Sometimes, our friends (many of whom write about food for a living or work as professional chefs) post photographs of dishes on their websites, and we are driven into the kitchen from the vivid colors and the imagined hunger.

We have our favorite cookbooks and our favorite cooks, the ones who feel like companions as we stand at the stove and stir. Jamie Oliver talks about leeks and prosciutto on tv, and there we are folding them into pasta, just a few moments later.

Cooking is a communal experience, even if you happen to be chopping onions by yourself, in that moment. We are never alone. That’s one of the things I love most about food, how we wave to our friends as we stir our own sauces.

These pork chops you see above were inspired by a recipe sent to us by the editor of Gourmet, Ruth Reichl. Oh, I’d love to be able to say she wrote to us personally, sending her favorite pork recipes with a chatty little note. No such luck. (However, if you want to hear about Ruth’s food days, you can follow her on Twitter.) If you sign up at Gourmet’s website, you’ll receive a weekly newsletter from Ruth and her team, with extra recipes that don’t show up anywhere else.

A few weeks ago, she sent one for pork chops with a quick chipotle and orange juice sauce. When I saw it in email form, I wanted to eat it. When I told Danny about it, he wanted to make it. So we headed up to SeaBreeze, our local farm, for a couple of pork chops. Clutching navel oranges as we left the store, we talked about the chipotles waiting in our refrigerator.

An hour later, I was pushing Danny away, making him wait, while I took photographs of the pork chops, before we could eat them.

Oh, these are good.

Pork Chops with Chipotle and Orange Sauce, adapted from Gourmet

Danny would like you to know a couple of things before you make these.

Chipotle peppers are actually smoke-dried jalapenos, primarily produced in northern Mexico. They have a heat kick, to be sure, but their smokiness seems to soothe some of the highest points of heat. You can buy chipotles dried and re-constitute them with hot water. Just pour boiling water over a handful of dried chipotles. It’ll only be a couple of minutes before they’re soft enough to go. If you want to soften a bunch of chipotles at a time, you can keep them in water in the refrigerator. Or, you can buy cans of chipotles in adobo sauce, already chopped and ready to use. It’s a personal choice. Both are fine.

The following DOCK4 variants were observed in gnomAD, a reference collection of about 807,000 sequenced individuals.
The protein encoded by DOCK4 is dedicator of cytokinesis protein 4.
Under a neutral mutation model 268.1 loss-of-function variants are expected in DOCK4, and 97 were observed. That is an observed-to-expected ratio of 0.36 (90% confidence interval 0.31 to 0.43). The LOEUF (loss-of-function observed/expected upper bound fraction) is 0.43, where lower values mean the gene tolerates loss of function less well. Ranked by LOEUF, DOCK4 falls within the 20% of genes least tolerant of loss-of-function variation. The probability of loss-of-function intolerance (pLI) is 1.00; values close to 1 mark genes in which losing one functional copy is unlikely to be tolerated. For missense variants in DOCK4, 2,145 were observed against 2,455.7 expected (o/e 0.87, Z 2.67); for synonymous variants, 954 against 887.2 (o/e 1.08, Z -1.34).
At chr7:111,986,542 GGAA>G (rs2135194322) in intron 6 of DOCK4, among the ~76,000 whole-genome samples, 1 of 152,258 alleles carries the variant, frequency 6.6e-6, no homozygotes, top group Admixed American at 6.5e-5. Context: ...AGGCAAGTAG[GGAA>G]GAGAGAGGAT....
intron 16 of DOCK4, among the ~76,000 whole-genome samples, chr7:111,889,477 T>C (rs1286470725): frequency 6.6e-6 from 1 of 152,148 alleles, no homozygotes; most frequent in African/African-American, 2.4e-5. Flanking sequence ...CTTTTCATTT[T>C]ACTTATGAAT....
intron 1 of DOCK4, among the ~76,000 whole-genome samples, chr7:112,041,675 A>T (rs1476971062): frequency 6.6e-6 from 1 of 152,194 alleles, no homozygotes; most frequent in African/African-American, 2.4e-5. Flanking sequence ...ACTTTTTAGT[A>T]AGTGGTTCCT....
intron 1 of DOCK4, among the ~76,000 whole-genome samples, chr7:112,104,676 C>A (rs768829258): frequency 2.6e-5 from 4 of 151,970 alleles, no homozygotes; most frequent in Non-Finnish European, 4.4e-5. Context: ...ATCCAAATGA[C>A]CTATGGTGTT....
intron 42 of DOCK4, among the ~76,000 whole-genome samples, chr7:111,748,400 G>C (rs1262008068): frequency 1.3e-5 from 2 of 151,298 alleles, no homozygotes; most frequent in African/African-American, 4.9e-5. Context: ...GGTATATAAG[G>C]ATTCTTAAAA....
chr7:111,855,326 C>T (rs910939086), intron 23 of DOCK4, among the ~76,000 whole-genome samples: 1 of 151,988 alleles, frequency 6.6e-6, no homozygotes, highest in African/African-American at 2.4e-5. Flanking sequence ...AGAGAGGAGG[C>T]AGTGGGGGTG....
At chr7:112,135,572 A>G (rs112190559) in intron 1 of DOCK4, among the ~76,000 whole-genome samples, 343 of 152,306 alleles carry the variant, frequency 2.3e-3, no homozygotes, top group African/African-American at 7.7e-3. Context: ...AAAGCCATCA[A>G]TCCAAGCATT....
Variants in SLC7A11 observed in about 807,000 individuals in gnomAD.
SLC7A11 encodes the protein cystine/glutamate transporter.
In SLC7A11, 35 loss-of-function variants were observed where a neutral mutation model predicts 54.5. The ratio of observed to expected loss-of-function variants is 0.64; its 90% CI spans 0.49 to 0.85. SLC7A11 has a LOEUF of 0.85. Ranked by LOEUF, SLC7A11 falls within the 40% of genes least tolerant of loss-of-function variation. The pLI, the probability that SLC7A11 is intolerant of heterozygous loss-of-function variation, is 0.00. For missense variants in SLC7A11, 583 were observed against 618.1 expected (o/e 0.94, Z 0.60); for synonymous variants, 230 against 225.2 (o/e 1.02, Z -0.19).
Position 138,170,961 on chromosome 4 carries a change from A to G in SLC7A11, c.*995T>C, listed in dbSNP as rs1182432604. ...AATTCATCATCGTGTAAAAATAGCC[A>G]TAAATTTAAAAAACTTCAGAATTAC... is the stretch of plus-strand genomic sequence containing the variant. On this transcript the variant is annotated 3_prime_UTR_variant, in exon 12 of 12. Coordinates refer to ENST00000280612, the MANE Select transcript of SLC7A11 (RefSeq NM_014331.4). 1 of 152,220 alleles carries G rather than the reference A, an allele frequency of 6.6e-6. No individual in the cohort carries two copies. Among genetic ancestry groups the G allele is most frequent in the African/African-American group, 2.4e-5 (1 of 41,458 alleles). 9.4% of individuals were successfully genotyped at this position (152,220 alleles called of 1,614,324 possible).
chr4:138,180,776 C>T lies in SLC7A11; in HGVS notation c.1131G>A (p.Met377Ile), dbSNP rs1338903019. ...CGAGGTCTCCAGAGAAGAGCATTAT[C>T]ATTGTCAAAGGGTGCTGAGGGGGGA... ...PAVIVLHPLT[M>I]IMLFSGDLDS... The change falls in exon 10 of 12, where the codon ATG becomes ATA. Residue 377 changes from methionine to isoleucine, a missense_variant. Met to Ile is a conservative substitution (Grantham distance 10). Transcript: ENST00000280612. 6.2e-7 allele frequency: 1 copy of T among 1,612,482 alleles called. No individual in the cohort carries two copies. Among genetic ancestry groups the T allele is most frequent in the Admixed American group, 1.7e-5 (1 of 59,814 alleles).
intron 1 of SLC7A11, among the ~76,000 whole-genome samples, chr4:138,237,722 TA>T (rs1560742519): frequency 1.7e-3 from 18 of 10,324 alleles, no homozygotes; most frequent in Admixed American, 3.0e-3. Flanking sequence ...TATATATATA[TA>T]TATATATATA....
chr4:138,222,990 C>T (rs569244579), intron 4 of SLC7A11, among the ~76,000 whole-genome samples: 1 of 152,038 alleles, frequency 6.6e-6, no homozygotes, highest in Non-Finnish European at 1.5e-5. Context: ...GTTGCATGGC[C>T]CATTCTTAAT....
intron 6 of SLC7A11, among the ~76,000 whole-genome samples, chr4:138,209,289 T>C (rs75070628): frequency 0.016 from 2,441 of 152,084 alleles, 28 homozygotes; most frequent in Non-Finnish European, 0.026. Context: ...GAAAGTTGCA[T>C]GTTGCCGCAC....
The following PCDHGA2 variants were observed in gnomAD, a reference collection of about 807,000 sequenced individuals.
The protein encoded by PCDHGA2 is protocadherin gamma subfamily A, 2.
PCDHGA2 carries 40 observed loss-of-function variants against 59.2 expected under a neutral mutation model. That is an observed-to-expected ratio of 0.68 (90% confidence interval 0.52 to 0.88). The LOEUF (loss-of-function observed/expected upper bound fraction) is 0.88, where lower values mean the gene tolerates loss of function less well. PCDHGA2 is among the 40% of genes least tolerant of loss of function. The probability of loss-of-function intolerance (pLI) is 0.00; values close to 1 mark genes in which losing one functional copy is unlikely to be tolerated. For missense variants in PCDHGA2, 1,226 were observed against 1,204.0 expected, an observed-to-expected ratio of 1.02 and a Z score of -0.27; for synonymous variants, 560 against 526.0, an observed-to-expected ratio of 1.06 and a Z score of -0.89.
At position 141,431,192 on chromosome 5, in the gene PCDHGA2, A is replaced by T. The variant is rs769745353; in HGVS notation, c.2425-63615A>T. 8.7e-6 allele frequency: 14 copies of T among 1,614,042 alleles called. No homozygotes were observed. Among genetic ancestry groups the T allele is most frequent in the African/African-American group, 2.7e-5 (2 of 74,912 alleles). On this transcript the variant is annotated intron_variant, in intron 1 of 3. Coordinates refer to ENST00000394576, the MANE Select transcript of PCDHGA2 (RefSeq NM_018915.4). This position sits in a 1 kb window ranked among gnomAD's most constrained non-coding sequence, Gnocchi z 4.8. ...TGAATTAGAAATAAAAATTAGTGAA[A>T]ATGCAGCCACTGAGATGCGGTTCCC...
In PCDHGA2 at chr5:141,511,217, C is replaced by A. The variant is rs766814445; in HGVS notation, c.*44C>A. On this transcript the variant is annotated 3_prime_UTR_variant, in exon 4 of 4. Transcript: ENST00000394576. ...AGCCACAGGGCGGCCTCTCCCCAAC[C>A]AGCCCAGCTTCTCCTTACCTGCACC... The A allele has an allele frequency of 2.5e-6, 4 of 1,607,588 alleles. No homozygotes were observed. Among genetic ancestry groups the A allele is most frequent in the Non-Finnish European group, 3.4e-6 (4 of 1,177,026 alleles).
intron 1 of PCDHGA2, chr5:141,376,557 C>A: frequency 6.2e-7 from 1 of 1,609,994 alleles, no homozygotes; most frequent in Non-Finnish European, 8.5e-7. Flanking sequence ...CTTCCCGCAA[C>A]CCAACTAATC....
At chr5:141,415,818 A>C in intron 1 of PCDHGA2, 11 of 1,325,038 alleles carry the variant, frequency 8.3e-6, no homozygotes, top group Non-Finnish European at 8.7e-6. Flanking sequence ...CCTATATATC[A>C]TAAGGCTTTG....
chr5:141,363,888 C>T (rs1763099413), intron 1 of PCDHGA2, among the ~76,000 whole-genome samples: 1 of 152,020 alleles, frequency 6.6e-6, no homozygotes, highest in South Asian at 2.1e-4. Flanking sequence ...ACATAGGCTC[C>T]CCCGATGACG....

Also, Danny is insistent on this, and I agree. Get pork chops with fat left on them. Just a skim, if you’re nervous about it. But pork without a bit of fat will have not enough taste.

2 center-cut pork chops, fat still on
kosher salt and cracked black pepper
4 tablespoons extra-virgin olive oil
1/4 cup chopped onion
1 teaspoon garlic, thinly sliced
2 teaspoons chopped chipotle (or more, depending on your desire for heat)
2 cups fresh orange juice
6 sprigs fresh cilantro, plus 1 tablespoon chopped cilantro
1 cup chicken stock
1 tablespoon unsalted butter
zest of 1 orange

Preparing to cook. Preheat the oven to 450°. Season both sides of the pork chops with salt and pepper.

Roasting the pork chops. Bring a large sauté pan to heat. Pour in 2 tablespoons of the oil.  Place the pork chops in the hot oil. Sear until the bottoms are browned. Flip the chops and slide the pan into the hot oven.

Making the sauce. Bring another large sauté pan to heat. Pour in the remaining olive oil. Put the chopped onion and sliced garlic into the hot oil. Cook and stir until the onions are soft and translucent, taking care not to let them burn. Add in the chipotles and cook until their smell flavors the room.

Pour in the orange juice and the sprigs of cilantro. Cook over medium-high heat until the juice is reduced to 1/3 its original volume.

Add the chicken stock to the sauce. Cook until the sauce is reduced by 1/2 its volume.

Resting the pork. Pull the pork chops from the oven. Allow them to rest on a saucer to the side of the stove while you finish the sauce. Wipe out the excess grease, leaving the crispy bits on the bottom.

Finishing the sauce. Strain the sauce. Throw away the wilted vegetables. Pour the strained sauce into the pan where the pork chops were roasting, to pick up the good tastes. Cook the sauce on high heat until it has reduced and thickened. Add the butter and swirl in the goodness. Toss in the orange zest and the chopped cilantro.

Plate up the pork chops and pour the sauce over them.

Feeds 2.